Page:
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The Lancet, a distinguished British medical journal, is just out with a sweeping, heartbreaking series on stillbirth, a tragedy that strikes one in 200 births even here in the wealthy United States. For African-American women, it's one in 87 births. In the developing world, it's even worse. The papers in the series are free to download, and full of little-known facts about what one author calls "one of the last taboos." They point out that progress in stemming stillbirths has largely stalled, and that many stillbirths are preventable, but it will take education, effort and more research.
The series begins its comment section like this:
The grief of a stillbirth is unlike any other form of grief: the months of excitement and expectation, planning, eager questions, and the drama of labour—all magnifying the devastating incomprehension of giving birth to a baby bearing no signs of life. Thankfully such events are rare. Or are they? As the Series we launch today shows, almost 3 million stillbirths happen worldwide every year, which, even for a country with a developed health system such as the UK, means that 17 sets of parents every day will take home their newborn baby in a coffin.
I spoke with Dr. Ruth Fretts, who practices obstetrics and gynecology at Harvard Vanguard Medical Associates in Wellesley and, as a leading researcher on stillbirth, co-authored a paper in the Lancet series. The series, she says, brings information on stillbirths together as never before.
Some basic data: According to CDC data from 2004, there were more than 26,000 stillbirths in the United States that year. Compare that to deaths from AIDS — nearly 16,000 — and from Sudden Infant Death Syndrome — just over 2,000. Yet despite the frequency of stillbirths, "We haven't studied them in a systematic way, and if you don't study them, you can't reduce them."
In fact, I asked, progress on reducing stillbirths has stalled?
Yes, she said, it has stalled. Though it must be noted that "Our risk factors are going up: The burden of obesity, advanced maternal age, some smoking."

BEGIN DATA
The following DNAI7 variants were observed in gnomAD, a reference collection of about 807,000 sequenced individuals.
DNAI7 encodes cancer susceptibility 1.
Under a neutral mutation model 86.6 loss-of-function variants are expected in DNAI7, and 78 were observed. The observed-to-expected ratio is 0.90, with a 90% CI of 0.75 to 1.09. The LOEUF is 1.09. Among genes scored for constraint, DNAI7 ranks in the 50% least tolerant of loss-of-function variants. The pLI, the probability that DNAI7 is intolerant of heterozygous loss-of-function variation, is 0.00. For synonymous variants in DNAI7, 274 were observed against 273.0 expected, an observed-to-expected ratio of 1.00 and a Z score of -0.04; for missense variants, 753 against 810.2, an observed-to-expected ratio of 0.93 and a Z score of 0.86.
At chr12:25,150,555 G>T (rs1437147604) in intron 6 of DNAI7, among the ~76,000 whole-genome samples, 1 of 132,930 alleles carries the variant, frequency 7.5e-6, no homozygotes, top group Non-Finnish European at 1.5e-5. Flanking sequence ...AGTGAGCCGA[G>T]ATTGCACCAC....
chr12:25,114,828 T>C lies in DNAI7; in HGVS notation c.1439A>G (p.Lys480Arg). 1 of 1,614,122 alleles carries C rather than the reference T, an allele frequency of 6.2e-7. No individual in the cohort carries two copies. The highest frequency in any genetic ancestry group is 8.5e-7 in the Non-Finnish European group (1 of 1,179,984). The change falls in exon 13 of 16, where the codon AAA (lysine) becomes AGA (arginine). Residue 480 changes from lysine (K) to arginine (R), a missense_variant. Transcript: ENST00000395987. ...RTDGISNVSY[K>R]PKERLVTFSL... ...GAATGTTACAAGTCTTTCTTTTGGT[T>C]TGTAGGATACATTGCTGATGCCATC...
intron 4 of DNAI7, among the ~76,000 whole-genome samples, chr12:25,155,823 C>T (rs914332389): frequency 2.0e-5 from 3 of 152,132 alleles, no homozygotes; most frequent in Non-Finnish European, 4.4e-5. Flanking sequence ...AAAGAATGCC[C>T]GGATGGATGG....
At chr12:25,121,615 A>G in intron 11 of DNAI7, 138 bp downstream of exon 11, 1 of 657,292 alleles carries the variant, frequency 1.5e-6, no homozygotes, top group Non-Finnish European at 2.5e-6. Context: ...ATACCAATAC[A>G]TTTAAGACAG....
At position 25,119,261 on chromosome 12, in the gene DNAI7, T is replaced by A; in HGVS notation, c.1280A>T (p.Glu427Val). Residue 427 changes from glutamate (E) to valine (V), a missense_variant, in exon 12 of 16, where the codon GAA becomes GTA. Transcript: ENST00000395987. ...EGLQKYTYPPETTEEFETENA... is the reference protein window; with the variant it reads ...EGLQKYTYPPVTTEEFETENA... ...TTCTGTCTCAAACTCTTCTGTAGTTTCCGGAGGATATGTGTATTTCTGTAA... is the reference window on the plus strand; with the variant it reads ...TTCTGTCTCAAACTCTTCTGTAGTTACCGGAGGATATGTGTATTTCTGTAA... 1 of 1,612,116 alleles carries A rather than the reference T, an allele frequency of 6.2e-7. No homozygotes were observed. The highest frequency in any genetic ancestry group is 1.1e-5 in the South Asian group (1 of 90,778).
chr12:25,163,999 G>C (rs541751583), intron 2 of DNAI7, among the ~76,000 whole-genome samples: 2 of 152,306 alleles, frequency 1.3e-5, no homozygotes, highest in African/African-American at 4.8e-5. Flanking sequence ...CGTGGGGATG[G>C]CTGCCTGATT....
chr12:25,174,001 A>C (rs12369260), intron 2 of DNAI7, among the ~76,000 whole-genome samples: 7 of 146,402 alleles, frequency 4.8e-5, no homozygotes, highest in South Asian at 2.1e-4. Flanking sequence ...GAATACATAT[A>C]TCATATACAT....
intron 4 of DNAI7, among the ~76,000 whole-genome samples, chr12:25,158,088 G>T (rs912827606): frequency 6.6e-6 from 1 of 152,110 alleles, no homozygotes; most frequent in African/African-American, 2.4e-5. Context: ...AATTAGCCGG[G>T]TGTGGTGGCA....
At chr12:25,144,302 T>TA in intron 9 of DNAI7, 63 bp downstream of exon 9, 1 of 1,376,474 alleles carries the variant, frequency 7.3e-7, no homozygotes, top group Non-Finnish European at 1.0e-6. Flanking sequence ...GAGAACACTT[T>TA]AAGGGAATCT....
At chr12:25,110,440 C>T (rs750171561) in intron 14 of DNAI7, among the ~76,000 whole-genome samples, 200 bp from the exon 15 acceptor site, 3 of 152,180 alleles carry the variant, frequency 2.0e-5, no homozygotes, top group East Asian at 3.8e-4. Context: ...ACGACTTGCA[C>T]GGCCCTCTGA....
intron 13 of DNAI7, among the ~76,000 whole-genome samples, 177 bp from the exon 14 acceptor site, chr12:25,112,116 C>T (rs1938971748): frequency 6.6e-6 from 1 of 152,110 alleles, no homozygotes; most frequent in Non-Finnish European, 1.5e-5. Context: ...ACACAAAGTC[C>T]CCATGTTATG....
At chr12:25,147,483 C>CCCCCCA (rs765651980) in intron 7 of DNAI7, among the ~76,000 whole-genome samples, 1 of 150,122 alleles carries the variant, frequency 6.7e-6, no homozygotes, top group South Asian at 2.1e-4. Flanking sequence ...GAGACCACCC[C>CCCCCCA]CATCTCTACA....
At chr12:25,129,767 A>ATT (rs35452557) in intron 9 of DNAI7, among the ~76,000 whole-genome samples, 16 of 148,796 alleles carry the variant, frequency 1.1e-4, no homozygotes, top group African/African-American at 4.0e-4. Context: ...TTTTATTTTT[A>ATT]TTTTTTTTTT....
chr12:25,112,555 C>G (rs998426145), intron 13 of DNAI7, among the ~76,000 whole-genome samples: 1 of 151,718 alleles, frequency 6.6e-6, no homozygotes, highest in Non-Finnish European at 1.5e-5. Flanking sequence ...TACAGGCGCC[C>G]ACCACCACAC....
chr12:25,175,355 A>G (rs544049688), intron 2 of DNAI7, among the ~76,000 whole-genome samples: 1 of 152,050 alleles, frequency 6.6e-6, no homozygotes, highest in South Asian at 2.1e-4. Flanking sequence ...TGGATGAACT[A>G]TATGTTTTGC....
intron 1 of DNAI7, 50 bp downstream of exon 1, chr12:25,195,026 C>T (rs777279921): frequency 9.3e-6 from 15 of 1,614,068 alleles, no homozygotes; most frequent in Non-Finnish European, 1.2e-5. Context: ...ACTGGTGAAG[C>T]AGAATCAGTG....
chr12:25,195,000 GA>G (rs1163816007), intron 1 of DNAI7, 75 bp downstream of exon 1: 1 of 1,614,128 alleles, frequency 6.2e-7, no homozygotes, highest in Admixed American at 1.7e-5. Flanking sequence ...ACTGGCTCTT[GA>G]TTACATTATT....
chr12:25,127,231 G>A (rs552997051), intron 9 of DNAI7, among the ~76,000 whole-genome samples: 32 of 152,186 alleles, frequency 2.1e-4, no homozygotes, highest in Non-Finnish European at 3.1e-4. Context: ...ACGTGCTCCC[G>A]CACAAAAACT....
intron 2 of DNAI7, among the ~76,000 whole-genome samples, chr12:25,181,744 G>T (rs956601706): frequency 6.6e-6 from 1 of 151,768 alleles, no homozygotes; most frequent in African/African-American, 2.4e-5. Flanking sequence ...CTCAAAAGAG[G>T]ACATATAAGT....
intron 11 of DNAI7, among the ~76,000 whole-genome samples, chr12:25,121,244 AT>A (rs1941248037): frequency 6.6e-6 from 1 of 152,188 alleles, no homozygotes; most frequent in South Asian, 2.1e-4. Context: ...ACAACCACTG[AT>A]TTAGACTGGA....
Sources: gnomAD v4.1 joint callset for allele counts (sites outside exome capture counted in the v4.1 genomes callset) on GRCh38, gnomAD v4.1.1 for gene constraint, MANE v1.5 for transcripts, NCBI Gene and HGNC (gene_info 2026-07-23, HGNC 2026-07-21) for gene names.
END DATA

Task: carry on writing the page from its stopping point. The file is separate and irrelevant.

For a bit of background: "On the first prenatal visit you have, you’re going to have a fairly lengthy conversation about screening for Down Syndrome; you’ll be offered HIV testing; screening for congenital anomalies; you’ll be screened for hepatitis B — and all of these are less common than stillbirth, but no one talks about it."
Parents' groups helped bring great progress on Sudden Infant Death Syndrome, she noted. But "the difference between that and stillbirth is that there's a fair bit of fatalism about stillbirth, the thinking that, 'Oh, it was God's will," or 'It was just an accident.' And maybe there's some concern about liability.
Too few autopsies
"Interestingly enough," Ruth said, "you do all these tests during pregnancy, but if you have a stillbirth in the United States and you are trying to determine the cause of death, the autopsy is not a covered service, because the baby is not a person in the health care plan. If you had a loss before 20 weeks of gestation, that would be covered, the pathologist would be paid.
In the Boston area, I've been working on the stillbirth review committee at the Brigham since 2003, and there they do the autopsies, but they don't charge for it. They only charge for examining the placenta, because they can.
Until recently, the U.S. had one of the lowest stillbirth autopsy rates in a developed country. Now why is that? In Montreal, we had a 97% autopsy rate, and initially at the Brigham, it was at 47%, and that’s partly because we didn’t make the case for why it was important. Most people said, 'Oh, well, you probably won't find anything.' But having a negative evaluation can rule out infection, congenital anomalies, and it can really asses your risk of recurrence."
What, I asked, if you're in Massachusetts but not at the Brigham?
"People are doing it out of kindness, but the quality of the pathology may not be as good, because you have to be like a detective, trying to piece together why the baby died.
So there's the problem that people think it's God's will, maybe fear of litigation or they haven't appreciated why a comprehensive stillbirth evaluation is important. Women are much more likely to regret not having an autopsy than having one. So part of it is educating the providers about having it, and what is the most cost-effective approach.